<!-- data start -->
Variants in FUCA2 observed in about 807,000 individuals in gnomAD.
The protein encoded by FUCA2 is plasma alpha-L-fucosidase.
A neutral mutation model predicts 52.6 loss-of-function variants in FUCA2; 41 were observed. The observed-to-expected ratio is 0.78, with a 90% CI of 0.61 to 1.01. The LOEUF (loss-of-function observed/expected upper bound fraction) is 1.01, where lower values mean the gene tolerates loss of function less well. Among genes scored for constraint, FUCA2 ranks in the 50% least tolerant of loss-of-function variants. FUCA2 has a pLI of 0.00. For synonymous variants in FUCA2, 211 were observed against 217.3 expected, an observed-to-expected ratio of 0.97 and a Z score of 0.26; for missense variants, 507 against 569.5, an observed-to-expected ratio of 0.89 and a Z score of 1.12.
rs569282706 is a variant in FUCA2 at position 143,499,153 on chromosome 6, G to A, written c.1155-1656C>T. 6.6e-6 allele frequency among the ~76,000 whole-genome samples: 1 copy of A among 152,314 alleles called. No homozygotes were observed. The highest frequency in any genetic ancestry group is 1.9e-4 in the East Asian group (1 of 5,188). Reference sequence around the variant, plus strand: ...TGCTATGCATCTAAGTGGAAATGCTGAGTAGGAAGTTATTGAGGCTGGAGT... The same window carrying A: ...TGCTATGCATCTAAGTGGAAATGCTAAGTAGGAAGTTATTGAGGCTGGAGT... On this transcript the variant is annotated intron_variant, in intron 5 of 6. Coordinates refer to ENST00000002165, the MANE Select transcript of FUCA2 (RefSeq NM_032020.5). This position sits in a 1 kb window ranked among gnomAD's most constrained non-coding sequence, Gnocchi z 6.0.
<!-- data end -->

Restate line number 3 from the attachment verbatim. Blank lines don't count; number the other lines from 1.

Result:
A neutral mutation model predicts 52.6 loss-of-function variants in FUCA2; 41 were observed. The observed-to-expected ratio is 0.78, with a 90% CI of 0.61 to 1.01. The LOEUF (loss-of-function observed/expected upper bound fraction) is 1.01, where lower values mean the gene tolerates loss of function less well. Among genes scored for constraint, FUCA2 ranks in the 50% least tolerant of loss-of-function variants. FUCA2 has a pLI of 0.00. For synonymous variants in FUCA2, 211 were observed against 217.3 expected, an observed-to-expected ratio of 0.97 and a Z score of 0.26; for missense variants, 507 against 569.5, an observed-to-expected ratio of 0.89 and a Z score of 1.12.